CC Sabathia has practically been the definition of a work horse in his time with the Yankees. Every year he takes the ball, doesn’t get hurt, and tosses about 235 quality innings.
This year he finally landed himself on the DL, albeit very briefly, and it turns out that it may have been a blessing in disguise as it gave him a short break and may have even brought a little bit of life to his pitches.
“We’ll see. Like I said, I felt really good today,” Sabathia told Vinny Mercogliano of the Journal News. “The rest was better for my arm than my groin.”
Sabathia’s first half was weird. His numbers were in line with his career averages. His K/9 and BB/9 were slightly better than they have been in his career actually. However, the results weren’t coming as easily. He would get into trouble and then have to battle his way out. The results were the same, but his body language wasn’t. Last night, the body language went back to normal and apparently that wasn’t the only thing.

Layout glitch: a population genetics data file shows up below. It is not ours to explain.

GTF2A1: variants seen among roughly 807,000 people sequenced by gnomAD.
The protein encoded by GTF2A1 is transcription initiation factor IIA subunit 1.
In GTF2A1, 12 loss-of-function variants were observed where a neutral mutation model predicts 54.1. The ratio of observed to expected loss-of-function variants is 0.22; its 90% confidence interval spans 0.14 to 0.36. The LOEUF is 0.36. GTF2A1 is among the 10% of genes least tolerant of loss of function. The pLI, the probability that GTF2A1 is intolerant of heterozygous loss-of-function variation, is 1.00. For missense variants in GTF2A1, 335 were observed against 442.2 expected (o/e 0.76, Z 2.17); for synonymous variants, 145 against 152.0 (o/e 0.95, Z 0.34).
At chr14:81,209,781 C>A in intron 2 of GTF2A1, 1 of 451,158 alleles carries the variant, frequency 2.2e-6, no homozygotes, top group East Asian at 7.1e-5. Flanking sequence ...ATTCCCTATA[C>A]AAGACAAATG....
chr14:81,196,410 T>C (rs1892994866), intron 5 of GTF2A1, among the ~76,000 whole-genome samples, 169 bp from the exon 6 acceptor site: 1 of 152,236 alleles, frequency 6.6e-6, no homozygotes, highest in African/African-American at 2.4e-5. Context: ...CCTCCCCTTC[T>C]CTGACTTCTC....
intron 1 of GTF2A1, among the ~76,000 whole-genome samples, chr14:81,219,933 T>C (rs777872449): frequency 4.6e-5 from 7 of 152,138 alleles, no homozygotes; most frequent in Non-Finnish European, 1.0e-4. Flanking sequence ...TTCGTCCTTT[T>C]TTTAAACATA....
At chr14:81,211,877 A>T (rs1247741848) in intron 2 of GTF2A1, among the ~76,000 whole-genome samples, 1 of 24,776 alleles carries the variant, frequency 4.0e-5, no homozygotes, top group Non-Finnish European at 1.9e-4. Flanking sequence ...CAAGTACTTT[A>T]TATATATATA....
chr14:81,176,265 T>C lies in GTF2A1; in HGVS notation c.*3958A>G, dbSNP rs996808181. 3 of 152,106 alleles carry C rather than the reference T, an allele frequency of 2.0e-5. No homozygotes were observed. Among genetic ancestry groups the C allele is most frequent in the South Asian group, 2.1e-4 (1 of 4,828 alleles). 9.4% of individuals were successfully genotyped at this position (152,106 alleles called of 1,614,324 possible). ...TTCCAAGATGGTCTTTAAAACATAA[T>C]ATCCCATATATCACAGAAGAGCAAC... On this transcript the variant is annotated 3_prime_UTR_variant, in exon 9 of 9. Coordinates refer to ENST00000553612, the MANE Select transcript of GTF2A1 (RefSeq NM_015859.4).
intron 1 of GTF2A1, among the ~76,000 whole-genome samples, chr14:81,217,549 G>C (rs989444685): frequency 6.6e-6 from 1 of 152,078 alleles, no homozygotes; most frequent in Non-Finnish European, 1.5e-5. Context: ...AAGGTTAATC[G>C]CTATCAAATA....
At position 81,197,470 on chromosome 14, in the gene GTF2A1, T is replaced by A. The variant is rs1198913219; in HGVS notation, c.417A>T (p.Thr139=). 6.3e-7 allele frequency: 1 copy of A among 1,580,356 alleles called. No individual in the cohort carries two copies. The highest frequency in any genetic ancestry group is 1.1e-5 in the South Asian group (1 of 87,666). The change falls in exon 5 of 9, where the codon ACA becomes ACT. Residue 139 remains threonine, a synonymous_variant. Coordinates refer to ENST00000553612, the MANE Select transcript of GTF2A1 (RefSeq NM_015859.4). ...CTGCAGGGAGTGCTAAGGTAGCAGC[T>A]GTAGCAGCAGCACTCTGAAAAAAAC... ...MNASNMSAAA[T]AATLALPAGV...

Here is the Yankee Analysts’ Michael Eder with more:
Comparing his pre-DL and post-DL starts above, you’ll see that he’s gained from .5 to a full 1 MPH of additional velocity in both the average speed and maximum speed. The difference in movement is the most exciting change, he’s adding adding 2 inches of additional rising action on both his fastballs, as well as an inch on the slider. The changeup is also matching the movement of the sinker very well, and Sabathia noted the improvements on this pitch in his post game interview.
The biggest change last night was the increase in RPM, and there were quite a few instances where he was hitting the upper 2,000′s in RPM on the fastball. In his previous start against the Mets, the four-seam was only averaging 1,700 RPM, but after his three week break, he was much closer to his average 2,000.
CC is by far the Yankees most important pitcher when it comes to the playoffs. If the results are there during the regular season that’s fine, but he’s clearly been gassed by the playoffs in each of the past two seasons. The circumstances of his rest weren’t optimal, but if he’s feeling better and able to get better results with less stress it could be the difference between CC being himself or a mediocre pitcher come October.